It is clear that contrary to the claims of its proponents, health insurance premiums are going to be higher under the regulatory and structural regime created by the health reform law. That may be due to a variety of factors, including mandated coverage of more services, removal of some cost-sharing features and restrictions on rating by likely expected use of health services. A report from the Commonwealth Fund attempts to claim that the reform law is only responsible for a small part of health insurance premium rises for 2012 and 2013, but the analysis is seriously flawed. (Commonwealth Report) The authors looked solely at rates for non-grandfathered plans starting from mid-2012 to mid 2013, and only for groups of over 150. So none of the plans being sold on the exchanges are included and the analysis only covers a time period before the act is fully implemented. Large group filings, which cover the most people, are not included, and the authors note that the analysis covers at most 5% to 10% of total individual and small group market enrollment. The reasons for the increases are self-reported, so their accuracy is questionable. Finally, only rate increases over 10% were examined, but even an increase of 5% is significantly in excess of inflation, and factors for increases over 10% and those under 10% may be different. The insurers said in their filings that the main factor for rises over 10% was medical cost trend, both utilization and unit price. In about half the filings, insures said taxes and mandated benefits stemming from the reform law were a factor, but it is hard to see how uniformly imposed taxes and benefit mandates could only effect half the filings. In the individual market, the average increase was 19% and in the small group one it was 15%. Insurers who made this limited set of reviewed filings said that medical cost increases were larger than the premium rate increase request for the individual market and that they roughly matched the rate hike in the small group market. About a fourth to a third of the medical cost increase was due to utilization and about 57% to unit prices. Although the authors attempt to minimize it, the mandate to provide certain contraceptive services and the new taxes and fees from the law do clearly have an impact on rates, in total up to 5% or more. The reality, as consumers know, is that the reform law is having a substantial negative effect on what they pay for health care coverage. The Commonwealth Fund and other apologists only undermine their credibility when they create these misleading analyses that are counter to the obvious.
Does Health Reform Cause Premium Increases
By Kevin RocheDecember 23, 2013Commentary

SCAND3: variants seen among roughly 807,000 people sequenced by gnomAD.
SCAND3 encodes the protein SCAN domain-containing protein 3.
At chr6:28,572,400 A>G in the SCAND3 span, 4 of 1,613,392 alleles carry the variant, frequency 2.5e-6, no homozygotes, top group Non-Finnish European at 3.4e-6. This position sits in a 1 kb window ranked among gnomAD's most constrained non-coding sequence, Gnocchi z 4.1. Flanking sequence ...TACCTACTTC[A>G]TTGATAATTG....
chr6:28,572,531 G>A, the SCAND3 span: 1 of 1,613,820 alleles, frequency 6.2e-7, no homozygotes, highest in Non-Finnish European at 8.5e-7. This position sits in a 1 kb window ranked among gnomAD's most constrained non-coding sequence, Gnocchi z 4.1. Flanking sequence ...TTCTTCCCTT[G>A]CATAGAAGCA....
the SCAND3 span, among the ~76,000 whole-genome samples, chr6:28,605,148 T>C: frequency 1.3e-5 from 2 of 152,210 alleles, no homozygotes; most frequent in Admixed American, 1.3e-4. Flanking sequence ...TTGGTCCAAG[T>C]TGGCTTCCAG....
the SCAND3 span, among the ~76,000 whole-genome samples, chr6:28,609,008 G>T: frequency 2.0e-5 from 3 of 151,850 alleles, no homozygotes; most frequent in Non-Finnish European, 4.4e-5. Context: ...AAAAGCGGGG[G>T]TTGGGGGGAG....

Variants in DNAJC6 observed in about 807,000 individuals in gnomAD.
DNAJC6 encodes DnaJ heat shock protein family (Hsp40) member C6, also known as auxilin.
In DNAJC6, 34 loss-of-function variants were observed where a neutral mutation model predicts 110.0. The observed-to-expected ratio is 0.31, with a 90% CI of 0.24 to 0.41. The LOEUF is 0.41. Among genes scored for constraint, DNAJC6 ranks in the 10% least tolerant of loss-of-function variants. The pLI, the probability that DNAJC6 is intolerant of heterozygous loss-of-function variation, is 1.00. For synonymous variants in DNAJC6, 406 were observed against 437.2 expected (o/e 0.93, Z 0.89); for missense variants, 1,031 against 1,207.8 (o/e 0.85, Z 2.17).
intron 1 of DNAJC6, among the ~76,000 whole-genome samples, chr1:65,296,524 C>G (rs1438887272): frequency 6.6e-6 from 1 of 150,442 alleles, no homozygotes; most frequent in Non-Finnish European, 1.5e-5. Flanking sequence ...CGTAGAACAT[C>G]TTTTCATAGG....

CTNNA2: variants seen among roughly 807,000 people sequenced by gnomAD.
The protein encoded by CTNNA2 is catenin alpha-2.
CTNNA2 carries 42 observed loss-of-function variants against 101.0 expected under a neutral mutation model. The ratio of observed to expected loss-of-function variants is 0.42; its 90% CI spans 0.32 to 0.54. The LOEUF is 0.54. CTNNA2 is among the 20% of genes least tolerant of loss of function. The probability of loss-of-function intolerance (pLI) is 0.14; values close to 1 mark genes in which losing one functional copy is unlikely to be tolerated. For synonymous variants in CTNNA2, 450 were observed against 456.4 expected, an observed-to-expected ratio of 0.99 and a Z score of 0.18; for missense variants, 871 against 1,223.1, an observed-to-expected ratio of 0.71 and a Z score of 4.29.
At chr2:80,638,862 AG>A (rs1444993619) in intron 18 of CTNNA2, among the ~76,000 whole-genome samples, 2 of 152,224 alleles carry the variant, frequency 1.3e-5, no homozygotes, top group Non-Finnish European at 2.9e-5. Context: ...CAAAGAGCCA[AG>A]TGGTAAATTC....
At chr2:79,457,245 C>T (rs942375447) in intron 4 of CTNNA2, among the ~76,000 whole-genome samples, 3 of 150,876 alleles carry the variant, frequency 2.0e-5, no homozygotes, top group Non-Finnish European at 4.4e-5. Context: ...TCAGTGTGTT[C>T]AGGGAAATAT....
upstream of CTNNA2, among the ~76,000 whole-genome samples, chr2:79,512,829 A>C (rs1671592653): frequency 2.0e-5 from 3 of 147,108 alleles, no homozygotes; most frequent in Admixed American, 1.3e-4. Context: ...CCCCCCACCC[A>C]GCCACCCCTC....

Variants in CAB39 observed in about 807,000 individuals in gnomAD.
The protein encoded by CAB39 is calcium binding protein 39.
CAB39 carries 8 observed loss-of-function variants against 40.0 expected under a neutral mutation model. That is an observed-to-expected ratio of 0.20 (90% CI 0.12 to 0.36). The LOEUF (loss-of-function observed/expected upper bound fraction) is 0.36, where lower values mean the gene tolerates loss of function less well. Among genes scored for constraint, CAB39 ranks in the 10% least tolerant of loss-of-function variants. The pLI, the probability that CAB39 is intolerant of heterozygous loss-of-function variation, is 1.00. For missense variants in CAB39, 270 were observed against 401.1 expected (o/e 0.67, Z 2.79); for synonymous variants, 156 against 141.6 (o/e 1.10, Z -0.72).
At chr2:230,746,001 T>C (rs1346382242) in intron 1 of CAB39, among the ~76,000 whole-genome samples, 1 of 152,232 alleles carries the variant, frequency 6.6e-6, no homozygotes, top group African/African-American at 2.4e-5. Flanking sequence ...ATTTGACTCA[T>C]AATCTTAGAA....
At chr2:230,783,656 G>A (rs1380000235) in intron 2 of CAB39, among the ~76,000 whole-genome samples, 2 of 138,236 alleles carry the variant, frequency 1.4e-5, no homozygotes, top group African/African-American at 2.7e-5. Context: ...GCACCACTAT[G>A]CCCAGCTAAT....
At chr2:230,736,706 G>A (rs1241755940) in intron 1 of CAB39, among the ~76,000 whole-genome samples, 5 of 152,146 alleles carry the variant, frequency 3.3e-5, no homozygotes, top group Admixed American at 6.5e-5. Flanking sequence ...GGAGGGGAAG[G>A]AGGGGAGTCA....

✅ Subscribe via Email
About this Blog
The Healthy Skeptic is a website about the health care system, and is written by Kevin Roche, who has many years of experience working in the health industry. Mr. Roche is available to assist health care companies through consulting arrangements through Roche Consulting, LLC and may be reached at [email protected].
Healthy Skeptic Podcast
This is an outstanding report on total global drug spending and trends, with projections out to 2025. It helps you understand this important area of health care, which does much...
June 1, 2021
MedPAC 2019 Report to Congress
June 18, 2019
Another example of over-priced companies trying to find some way to survive in the post-epidemic financial world. Transcarent, which does something, somehow to “access high quality, affordable care” is buying...
March 6, 2023
In an attempt to swiftly revive two floundering health care companies, a PE firm has announced the merger and recapitalization of Revive Health and SwiftMD. You know they are...
January 30, 2023
Investors have not yet learned their lesson, as Pearl Health gathers a new round of $75 million in capital for its business of supporting physicians who want to participate in...
January 30, 2023
Access ACO Care Management Chronic Disease Comparative Effectiveness Consumer Directed Health Consumers Devices Disease Management Drugs EHRs Elder Care End-of-Life Care FDA Financings Genomics Government Health Care Costs Health Care Quality Health Care Reform Health Insurance Health Insurance Exchange HIT HomeCare Hospital Hospital Readmissions Legislation M&A Malpractice Meaningful Use Medicaid Medical Care Medicare Medicare Advantage Mobile Pay For Performance Pharmaceutical Physicians Providers Regulation Repealing Reform Telehealth Telemedicine Wellness and Prevention Workplace
March 21, 2023
Minnesota’s New Energy Insanity, Part 7
Minnesota is a particularly poor place to rely on solar power, but other states aren't…
March 21, 2023
A Quick SVB Follow-up
As I suspected, the SVB saga is primarily one of regulatory malfeasance, coupled with political…
March 19, 2023
Tom Frieden Speaks in the WSJ
A public health expert writes an article for the WSJ which amply demonstrates why Americans…